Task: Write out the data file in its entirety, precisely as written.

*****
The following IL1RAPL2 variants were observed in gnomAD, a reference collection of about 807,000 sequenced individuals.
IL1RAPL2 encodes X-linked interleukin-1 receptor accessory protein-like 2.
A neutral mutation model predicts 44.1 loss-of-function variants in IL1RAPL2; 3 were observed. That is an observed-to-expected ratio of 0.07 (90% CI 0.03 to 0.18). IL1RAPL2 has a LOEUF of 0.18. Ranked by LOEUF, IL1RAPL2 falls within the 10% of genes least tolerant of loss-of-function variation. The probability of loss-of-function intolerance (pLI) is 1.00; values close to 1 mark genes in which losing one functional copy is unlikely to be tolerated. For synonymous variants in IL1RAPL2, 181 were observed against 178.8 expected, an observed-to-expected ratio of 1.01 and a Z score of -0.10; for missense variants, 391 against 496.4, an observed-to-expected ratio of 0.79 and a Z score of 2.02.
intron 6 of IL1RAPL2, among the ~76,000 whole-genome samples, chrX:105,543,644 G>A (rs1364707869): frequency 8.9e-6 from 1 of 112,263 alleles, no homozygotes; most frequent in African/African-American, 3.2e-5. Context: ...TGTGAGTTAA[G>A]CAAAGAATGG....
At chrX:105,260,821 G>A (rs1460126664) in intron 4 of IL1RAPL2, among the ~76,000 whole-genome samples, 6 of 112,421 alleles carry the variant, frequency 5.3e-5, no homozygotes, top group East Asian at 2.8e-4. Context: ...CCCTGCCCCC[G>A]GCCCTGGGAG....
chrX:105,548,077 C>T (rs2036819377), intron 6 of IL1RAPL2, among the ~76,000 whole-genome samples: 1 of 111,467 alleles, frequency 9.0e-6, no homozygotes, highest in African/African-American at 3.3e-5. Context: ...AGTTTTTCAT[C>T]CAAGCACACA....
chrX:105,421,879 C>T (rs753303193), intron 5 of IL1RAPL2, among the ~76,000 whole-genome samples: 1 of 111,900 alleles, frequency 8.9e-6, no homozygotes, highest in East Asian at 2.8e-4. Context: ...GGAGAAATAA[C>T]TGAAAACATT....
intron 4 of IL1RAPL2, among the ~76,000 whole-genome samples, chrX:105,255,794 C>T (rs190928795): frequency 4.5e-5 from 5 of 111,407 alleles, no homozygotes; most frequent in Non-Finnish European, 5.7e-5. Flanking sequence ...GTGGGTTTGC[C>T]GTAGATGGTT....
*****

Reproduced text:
The following IL1RAPL2 variants were observed in gnomAD, a reference collection of about 807,000 sequenced individuals.
IL1RAPL2 encodes X-linked interleukin-1 receptor accessory protein-like 2.
A neutral mutation model predicts 44.1 loss-of-function variants in IL1RAPL2; 3 were observed. That is an observed-to-expected ratio of 0.07 (90% CI 0.03 to 0.18). IL1RAPL2 has a LOEUF of 0.18. Ranked by LOEUF, IL1RAPL2 falls within the 10% of genes least tolerant of loss-of-function variation. The probability of loss-of-function intolerance (pLI) is 1.00; values close to 1 mark genes in which losing one functional copy is unlikely to be tolerated. For synonymous variants in IL1RAPL2, 181 were observed against 178.8 expected, an observed-to-expected ratio of 1.01 and a Z score of -0.10; for missense variants, 391 against 496.4, an observed-to-expected ratio of 0.79 and a Z score of 2.02.
intron 6 of IL1RAPL2, among the ~76,000 whole-genome samples, chrX:105,543,644 G>A (rs1364707869): frequency 8.9e-6 from 1 of 112,263 alleles, no homozygotes; most frequent in African/African-American, 3.2e-5. Context: ...TGTGAGTTAA[G>A]CAAAGAATGG....
At chrX:105,260,821 G>A (rs1460126664) in intron 4 of IL1RAPL2, among the ~76,000 whole-genome samples, 6 of 112,421 alleles carry the variant, frequency 5.3e-5, no homozygotes, top group East Asian at 2.8e-4. Context: ...CCCTGCCCCC[G>A]GCCCTGGGAG....
chrX:105,548,077 C>T (rs2036819377), intron 6 of IL1RAPL2, among the ~76,000 whole-genome samples: 1 of 111,467 alleles, frequency 9.0e-6, no homozygotes, highest in African/African-American at 3.3e-5. Context: ...AGTTTTTCAT[C>T]CAAGCACACA....
chrX:105,421,879 C>T (rs753303193), intron 5 of IL1RAPL2, among the ~76,000 whole-genome samples: 1 of 111,900 alleles, frequency 8.9e-6, no homozygotes, highest in East Asian at 2.8e-4. Context: ...GGAGAAATAA[C>T]TGAAAACATT....
intron 4 of IL1RAPL2, among the ~76,000 whole-genome samples, chrX:105,255,794 C>T (rs190928795): frequency 4.5e-5 from 5 of 111,407 alleles, no homozygotes; most frequent in Non-Finnish European, 5.7e-5. Flanking sequence ...GTGGGTTTGC[C>T]GTAGATGGTT....